Cut scratch paper into eighths.  Give each student five scraps.  Then, have each student write a sensory detail on each scrap.  Put all the scraps in a grab bag and redistribute them.  Challenge students to create a paragraph that incorporates all the sensory details they pulled from the grab bag.

Read spooky stories and descriptions aloud

As students work, take frequent breaks for sharing.  You can choose good examples or allow students to volunteer to read their efforts to the class.  Students will be motivated by seeing their peers succeed at description.

Happy writing!

You might enjoy these other Halloween posts at ClassAntics:

New Orleans Halloween: teach a Fall Festival lesson about the culture of New Orleans.  Includes a FREE powerpoint of New Orleans cultural symbols and landmarks, book recommendations, and music tips.

A good way to organize a Halloween Party: learn how to create a party for your whole grade level by setting up a rotation.  Each teacher need only prepare one activity.

Do any of your students opt out of celebrating Halloween or other holidays?  Read how to accommodate that student in a pleasant way in the post Buddy Up to Help Students Who Don’t Celebrate Holidays or Birthdays.

Make it a theme day with Halloween Math Worksheets.

Posted in Holidays,Writing by Corey Green @ Oct 23, 2017

 

Constitution Day

Washington_Constitutional_Convention_1787Teach your students about the Constitution using FREE high-quality resources.  Sandra Day O’Connor’s iCivics.org has superb resources–whole units, complete with PowerPoint presentations, worksheets, teaching materials, and high-quality online games.  As usual, Scholastic has assembled an excellent collection of materials for all grade levels.

Another good site is National Archives Constitution Day resources.  This includes a simulation of the confusion and complexity delegates faced as they first met to create the Constitution.  The directions are ready-to-use, and all you need are envelopes and paperclips.  Curious?  Here’s the activity.

I hope you and your students enjoy Constitution Day.  To me, it’s the Beezus to Independence Day’s Ramona.   Like Beezus Quimby, Constitution Day is serious and focused.  Like Ramona, Independence Day is fun and playful.

iCivics.org Scholastic
All curriculum units

Road to the Constitution unit

Constitution unit

Justice by the People unit

Celebrate Constitution Day

Constitution Game

Posted in Academics,Holidays,Social Studies by Corey Green @ Sep 14, 2015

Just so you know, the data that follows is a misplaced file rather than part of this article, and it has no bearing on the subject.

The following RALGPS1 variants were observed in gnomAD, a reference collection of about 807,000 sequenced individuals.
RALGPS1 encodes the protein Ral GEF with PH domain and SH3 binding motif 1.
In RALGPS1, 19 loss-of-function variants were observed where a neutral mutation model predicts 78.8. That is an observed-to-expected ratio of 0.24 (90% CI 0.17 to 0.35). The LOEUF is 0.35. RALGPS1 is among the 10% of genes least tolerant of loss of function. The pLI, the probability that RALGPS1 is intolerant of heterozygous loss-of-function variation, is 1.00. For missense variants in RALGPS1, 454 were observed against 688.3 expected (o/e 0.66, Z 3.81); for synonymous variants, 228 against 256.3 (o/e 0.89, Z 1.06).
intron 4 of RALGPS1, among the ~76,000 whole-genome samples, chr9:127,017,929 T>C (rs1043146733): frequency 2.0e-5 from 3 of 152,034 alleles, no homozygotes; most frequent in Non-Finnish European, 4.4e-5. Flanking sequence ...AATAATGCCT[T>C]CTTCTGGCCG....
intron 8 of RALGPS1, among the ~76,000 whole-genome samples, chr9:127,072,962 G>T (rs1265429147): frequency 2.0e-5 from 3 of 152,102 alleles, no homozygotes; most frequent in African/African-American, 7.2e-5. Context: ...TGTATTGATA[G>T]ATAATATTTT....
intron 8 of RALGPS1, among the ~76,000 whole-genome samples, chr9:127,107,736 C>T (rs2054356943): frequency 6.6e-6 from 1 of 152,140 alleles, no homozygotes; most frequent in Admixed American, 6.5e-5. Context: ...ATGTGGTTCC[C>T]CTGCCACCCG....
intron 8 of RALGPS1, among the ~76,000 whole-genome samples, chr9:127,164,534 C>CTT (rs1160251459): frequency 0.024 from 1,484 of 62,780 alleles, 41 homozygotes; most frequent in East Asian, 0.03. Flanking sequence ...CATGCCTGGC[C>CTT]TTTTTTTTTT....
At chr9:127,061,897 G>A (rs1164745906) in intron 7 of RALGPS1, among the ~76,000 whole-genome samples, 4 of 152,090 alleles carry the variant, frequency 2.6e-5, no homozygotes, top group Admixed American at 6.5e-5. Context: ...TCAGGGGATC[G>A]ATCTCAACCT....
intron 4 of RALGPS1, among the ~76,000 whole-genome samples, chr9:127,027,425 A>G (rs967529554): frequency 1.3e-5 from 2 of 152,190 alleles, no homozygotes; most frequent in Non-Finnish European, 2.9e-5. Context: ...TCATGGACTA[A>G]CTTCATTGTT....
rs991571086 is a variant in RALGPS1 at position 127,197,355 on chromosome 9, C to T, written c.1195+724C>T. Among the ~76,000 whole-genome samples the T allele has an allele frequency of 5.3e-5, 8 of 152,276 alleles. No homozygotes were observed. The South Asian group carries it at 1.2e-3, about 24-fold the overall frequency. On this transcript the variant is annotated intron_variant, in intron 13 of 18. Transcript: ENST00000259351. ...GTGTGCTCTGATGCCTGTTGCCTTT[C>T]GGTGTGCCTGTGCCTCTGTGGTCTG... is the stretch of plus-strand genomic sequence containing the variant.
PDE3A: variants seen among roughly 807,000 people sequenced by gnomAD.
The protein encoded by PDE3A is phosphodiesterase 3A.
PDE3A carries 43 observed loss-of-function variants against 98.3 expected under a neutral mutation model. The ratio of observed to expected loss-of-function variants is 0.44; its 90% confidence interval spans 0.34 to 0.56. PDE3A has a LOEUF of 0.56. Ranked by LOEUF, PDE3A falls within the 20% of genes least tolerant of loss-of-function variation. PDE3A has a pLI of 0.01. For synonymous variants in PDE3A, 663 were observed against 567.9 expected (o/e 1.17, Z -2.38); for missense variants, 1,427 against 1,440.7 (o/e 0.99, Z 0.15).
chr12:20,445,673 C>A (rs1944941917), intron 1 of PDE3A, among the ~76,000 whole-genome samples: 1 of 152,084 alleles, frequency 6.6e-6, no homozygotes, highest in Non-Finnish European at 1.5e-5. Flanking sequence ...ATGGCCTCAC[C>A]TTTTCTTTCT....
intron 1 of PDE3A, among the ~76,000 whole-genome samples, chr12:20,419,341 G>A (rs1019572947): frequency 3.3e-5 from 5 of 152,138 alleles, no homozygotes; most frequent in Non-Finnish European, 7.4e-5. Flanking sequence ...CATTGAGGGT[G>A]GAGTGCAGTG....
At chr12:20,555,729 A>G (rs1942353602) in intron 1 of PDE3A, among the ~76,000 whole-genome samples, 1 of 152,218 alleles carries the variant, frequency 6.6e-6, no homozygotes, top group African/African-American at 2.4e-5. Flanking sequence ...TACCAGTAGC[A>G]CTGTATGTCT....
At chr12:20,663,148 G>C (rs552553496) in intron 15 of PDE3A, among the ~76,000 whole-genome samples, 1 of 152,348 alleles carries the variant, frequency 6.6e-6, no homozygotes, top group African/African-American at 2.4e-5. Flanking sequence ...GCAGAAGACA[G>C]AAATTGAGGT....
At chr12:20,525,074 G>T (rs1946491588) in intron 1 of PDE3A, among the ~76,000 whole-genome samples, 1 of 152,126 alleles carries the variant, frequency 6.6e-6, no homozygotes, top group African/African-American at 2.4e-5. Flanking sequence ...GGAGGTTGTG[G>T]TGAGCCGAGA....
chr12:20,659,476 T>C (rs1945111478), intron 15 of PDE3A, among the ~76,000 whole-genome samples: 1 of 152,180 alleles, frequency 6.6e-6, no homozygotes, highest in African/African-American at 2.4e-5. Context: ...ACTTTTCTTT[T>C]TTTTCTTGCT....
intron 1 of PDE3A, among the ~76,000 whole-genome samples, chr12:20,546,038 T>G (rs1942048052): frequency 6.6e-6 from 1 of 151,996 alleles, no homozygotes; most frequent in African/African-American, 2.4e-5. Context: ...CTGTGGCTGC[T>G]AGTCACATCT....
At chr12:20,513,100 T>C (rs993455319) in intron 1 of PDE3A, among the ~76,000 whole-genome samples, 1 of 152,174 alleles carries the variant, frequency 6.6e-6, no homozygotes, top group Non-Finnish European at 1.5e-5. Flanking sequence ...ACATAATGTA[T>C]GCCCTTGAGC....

Take your class to the computer lab for St. Patrick’s Day online games

IrishFlagCelebrate St. Patrick’s Day by playing some FREE online games during your computer lab time.  Here are some fun ones for elementary students:

Posted in Holidays by Corey Green @ Mar 16, 2015

 

FREE Presidents’ Day computer activity: the 7 hat challenge

WashingtonTeachers, here is a wonderful, FREE computer lab activity for Presidents’ Day!  Your students will learn about the 7 hats a U.S. president wears and details about seven presidents.  This activity is appropriate for grades 3 and up.

This computer game-style activity comes from Scholastic, which of course has an assortment of Presidents’ Day activities.  The 7 Hat Challenge is my favorite by far.

Click here to play the game.  In order to succeed, your students must understand the 7 hats the President wears:

  1. Chief of the Executive Branch
  2. Commander in Chief of the Armed Forces
  3. Head of State
  4. Director of Foreign Policy
  5. Political Party Leader
  6. Guardian of the Economy
  7. Legislative Leader

Students learn about seven U.S. presidents, from Washington to Obama.  Students will decide which hat the president was wearing when he made various decisions.

The game has two levels: Easy and Hard.  Easy is good for third graders–but older students will quickly realize that in the Easy game, each president wears only one hat.  Once the student guesses the hat through either knowledge or trial-and-error, it’s easy to answer the other questions about that president since the answer is the same.  Older students should play the Hard level, which gives many questions about each president and shows the many hats that president wore.

After your class plays the game, you can use a Scholastic 7 Hats worksheet as an assessment. Click here for the worksheet.

I highly recommend that you use the worksheet as an assessment.  Your students will be much more serious during the computer lab activity if they know that they will be quizzed on it later.  The worksheet is formatted just like the program, so it’s a quality assessment of the activity.

Happy Presidents’ Day!

Posted in Academics,Holidays,Social Studies by Corey Green @ Feb 9, 2015

 

FREE Groundhog Day reading comprehension worksheet + Watch the official promo video with your class

Groundhog Day is a fun, low-stress holiday for the elementary classroom.

Teach your students about the history of Groundhog Day using myGroundhog Day Worksheet.  You will find vocabulary definitions, think and respond questions, and a fun tongue twister about woodchucks.  (Did you know a woodchuck and a groundhog are the same creature?)

Visit Groundhog.org, the official website of the Punxsutawney Groundhog Club, for pictures, articles and Groundhog Day ideas submitted by teachers.  Show your class the official promo video for Groundhog Day.  Students will enjoy seeing the excitement of visiting Punxsutawney for that day.

Posted in Holidays by Corey Green @ Jan 31, 2015